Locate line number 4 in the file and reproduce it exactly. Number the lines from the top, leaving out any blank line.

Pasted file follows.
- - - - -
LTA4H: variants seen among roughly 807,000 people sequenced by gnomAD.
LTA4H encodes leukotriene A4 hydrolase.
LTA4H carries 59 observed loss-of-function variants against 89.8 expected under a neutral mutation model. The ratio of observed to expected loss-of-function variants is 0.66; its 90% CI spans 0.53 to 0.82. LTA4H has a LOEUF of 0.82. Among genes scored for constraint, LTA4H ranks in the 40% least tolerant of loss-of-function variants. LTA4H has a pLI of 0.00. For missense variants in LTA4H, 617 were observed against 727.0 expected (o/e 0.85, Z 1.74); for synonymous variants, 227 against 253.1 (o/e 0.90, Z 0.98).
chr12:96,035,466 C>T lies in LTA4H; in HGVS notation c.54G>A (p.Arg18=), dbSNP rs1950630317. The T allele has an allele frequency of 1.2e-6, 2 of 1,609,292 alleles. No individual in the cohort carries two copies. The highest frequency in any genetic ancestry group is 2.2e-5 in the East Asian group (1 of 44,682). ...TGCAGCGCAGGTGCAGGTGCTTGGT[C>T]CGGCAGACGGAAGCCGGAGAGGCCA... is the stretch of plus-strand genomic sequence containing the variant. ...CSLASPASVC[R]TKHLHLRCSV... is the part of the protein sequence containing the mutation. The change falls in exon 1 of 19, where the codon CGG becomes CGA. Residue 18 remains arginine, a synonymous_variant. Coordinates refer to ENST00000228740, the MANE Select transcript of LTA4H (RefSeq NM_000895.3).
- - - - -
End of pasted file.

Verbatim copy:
chr12:96,035,466 C>T lies in LTA4H; in HGVS notation c.54G>A (p.Arg18=), dbSNP rs1950630317. The T allele has an allele frequency of 1.2e-6, 2 of 1,609,292 alleles. No individual in the cohort carries two copies. The highest frequency in any genetic ancestry group is 2.2e-5 in the East Asian group (1 of 44,682). ...TGCAGCGCAGGTGCAGGTGCTTGGT[C>T]CGGCAGACGGAAGCCGGAGAGGCCA... is the stretch of plus-strand genomic sequence containing the variant. ...CSLASPASVC[R]TKHLHLRCSV... is the part of the protein sequence containing the mutation. The change falls in exon 1 of 19, where the codon CGG becomes CGA. Residue 18 remains arginine, a synonymous_variant. Coordinates refer to ENST00000228740, the MANE Select transcript of LTA4H (RefSeq NM_000895.3).